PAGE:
If you’re looking for a tasty peanut butter bar with great texture, I recommend the Transparent Labs bar. This is a good option for those who gain muscle mass. However, this is not the best option for a low-calorie diet.

Transparent Labs bar

transparent labs protein bar
  • Protein Source: Grass-Fed Whey Protein Isolate
  • Flavors: Peanut Butter Chocolate Chip
  • Vegan: No
  • Protein per bar: 15g
  • Fats ber bar: 16g
  • Carbs per bar: 23g
  • Fiber per bar: 3g
  • Added Sugar: 5g
  • Sugar Alcohol: No
  • Calories per bar: 280
  • Sodium per bar: 280mg
  • Bars per Package: 12
  • Bar Weight: 60g
  • Price per bar: ~$3.33
  • Recommended by Athletes: Hafthor BjornssonPaul SklarSean Harris

FAQ

What Is the Best Time to Eat a Protein Bar?

There is no best time to eat a bar. You can eat it for breakfast (combined with other protein sources to get the required total protein per meal), before or after a workout, or save it for a snack.

Is It Ok to Eat a Protein Bar Everyday?

Yes, eating one well formulated protein bar per day can be a convenient snack and/or may help meet your protein needs.

Is It Ok to Eat 2 Protein Bars a Day?

If you have really high protein needs, this might be an option. However, the absolute majority of your daily protein needs should come from whole foods. You can also use protein powders, which can contain almost pure protein with no added sugar, as well as zero to minimal fat.

If you still want to eat 2 protein bars every day, don’t forget that there are many bars on the market that are loaded with added sugar, saturated fat, and sodium. Choose the best options from the available ones based on tips you have seen above.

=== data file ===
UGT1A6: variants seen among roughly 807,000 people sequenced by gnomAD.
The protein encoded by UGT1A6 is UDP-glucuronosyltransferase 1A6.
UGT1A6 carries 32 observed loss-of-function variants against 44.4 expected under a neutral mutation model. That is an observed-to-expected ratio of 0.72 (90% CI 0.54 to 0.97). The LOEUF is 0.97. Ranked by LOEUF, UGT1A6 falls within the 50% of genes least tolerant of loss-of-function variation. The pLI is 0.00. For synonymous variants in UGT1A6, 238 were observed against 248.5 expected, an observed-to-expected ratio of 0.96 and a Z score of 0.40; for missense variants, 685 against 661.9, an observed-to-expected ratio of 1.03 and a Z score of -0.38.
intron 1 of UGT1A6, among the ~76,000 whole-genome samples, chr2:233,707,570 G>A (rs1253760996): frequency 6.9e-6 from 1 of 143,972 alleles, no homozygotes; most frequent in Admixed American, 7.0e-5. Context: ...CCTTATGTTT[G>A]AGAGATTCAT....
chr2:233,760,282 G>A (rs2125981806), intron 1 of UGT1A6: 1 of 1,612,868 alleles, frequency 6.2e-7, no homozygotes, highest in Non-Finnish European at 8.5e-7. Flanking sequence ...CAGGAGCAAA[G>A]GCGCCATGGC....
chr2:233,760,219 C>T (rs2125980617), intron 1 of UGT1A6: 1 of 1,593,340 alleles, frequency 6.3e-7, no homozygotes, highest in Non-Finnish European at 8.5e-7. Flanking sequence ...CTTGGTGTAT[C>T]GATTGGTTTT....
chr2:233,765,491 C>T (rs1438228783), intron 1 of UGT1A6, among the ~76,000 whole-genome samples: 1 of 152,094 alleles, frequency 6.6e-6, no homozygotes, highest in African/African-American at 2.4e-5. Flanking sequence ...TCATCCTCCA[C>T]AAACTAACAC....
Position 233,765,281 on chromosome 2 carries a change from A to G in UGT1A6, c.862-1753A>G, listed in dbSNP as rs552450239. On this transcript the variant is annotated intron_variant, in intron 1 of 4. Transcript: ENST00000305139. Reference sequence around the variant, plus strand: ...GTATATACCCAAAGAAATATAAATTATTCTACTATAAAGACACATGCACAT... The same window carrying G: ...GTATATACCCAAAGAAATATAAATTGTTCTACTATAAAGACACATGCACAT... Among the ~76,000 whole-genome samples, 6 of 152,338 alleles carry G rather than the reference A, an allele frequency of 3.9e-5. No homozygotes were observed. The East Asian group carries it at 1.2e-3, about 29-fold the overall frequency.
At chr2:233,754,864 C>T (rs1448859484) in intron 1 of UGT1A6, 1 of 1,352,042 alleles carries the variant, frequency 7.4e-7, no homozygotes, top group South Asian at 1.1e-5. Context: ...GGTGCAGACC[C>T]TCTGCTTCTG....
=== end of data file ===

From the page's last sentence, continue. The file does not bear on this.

Conclusion

A protein bar can help you meet your daily protein needs, and can also be a great option for dessert or a tasty snack. When choosing the best time to eat your bar, be guided by your personal preferences, convenience and gastrointestinal tolerability.

And by what criteria do you choose protein bars? Share with us in the comments!

Also read:

References:

  1. R. Jäger, Chad M. Kerksick et al., “International Society of Sports Nutrition Position Stand: protein and exercise”, Journal of the International Society of Sports Nutrition, vol. 14; 2017,
  2. Chad M. Kerksick, Colin D. Wilborn et al., “ISSN exercise & sports nutrition review update: research & recommendations”, Journal of the International Society of Sports Nutrition vol. 15; 2018,
  3. C. Ruiz-Castellano, S. Espinar et al., “Achieving an Optimal Fat Loss Phase in Resistance-Trained Athletes: A Narrative Review”, Nutrients. 2021 Sep; 13(9),
  4. “Chart of high-fiber foods”, Mayo Clinic (https://www.mayoclinic.org/healthy-lifestyle/nutrition-and-healthy-eating/in-depth/high-fiber-foods/art-20050948, accessed Marth 2, 2024),
  5. C. Fitch, K. S. Keim, “Position of the Academy of Nutrition and Dietetics: Use of Nutritive and Nonnutritive Sweeteners”, J Acad Nutr Diet; 2012 May; 112 (5),
  6. A. Lenhart, W. D. Chey, “A Systematic Review of the Effects of Polyols on Gastrointestinal Health and Irritable Bowel Syndrome”, Adv Nutr. 2017 Jul; 8(4),
  7. B. J. Schoenfeld, A. A. Aragon, “How much protein can the body use in a single meal for muscle-building? Implications for daily protein distribution”, Journal of the International Society of Sports Nutrition vol 15; 2018.
  8. Photos made by Torokhtiy Media Team.

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Oleksandr Maksymenko

Author: Oleksandr Maksymenko
Certified Sports Nutritionist,
MSc Sports Dietetics

Experience: 7 years
Specializing in: Weight management, Fitness / Sports nutrition

Oleksandr is a professional fitness nutritionist certified by the Fitness Professional Association (FPA). He follows the principles of evidence-based dietetics and fosters a healthy relationship with food in his clients, ensuring there are no strict prohibitions on their favorite foods or frequent lapses. His primary goal is not only to achieve results for you but also to sustain them over the long term, all while enjoying tasty and delicious food.